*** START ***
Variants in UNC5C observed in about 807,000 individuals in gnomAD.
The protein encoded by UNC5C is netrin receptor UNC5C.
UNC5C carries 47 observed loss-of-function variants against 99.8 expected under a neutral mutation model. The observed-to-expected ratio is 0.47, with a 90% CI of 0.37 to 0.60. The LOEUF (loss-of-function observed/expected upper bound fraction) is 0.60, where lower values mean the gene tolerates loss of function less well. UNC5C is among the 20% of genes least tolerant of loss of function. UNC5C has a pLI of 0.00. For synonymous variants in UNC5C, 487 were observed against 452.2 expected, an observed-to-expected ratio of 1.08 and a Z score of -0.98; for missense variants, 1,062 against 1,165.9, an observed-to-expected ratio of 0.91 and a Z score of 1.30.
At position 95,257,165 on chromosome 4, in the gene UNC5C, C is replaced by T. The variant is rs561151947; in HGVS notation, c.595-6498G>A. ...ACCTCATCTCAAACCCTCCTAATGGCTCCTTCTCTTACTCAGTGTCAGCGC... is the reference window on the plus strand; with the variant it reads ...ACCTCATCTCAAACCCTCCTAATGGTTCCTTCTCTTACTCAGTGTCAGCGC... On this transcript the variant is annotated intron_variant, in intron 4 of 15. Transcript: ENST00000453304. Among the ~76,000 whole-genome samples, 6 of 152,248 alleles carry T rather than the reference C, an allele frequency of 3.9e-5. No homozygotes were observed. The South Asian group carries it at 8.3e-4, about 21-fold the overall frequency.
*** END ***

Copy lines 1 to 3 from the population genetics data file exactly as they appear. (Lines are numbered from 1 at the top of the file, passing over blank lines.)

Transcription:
Variants in UNC5C observed in about 807,000 individuals in gnomAD.
The protein encoded by UNC5C is netrin receptor UNC5C.
UNC5C carries 47 observed loss-of-function variants against 99.8 expected under a neutral mutation model. The observed-to-expected ratio is 0.47, with a 90% CI of 0.37 to 0.60. The LOEUF (loss-of-function observed/expected upper bound fraction) is 0.60, where lower values mean the gene tolerates loss of function less well. UNC5C is among the 20% of genes least tolerant of loss of function. UNC5C has a pLI of 0.00. For synonymous variants in UNC5C, 487 were observed against 452.2 expected, an observed-to-expected ratio of 1.08 and a Z score of -0.98; for missense variants, 1,062 against 1,165.9, an observed-to-expected ratio of 0.91 and a Z score of 1.30.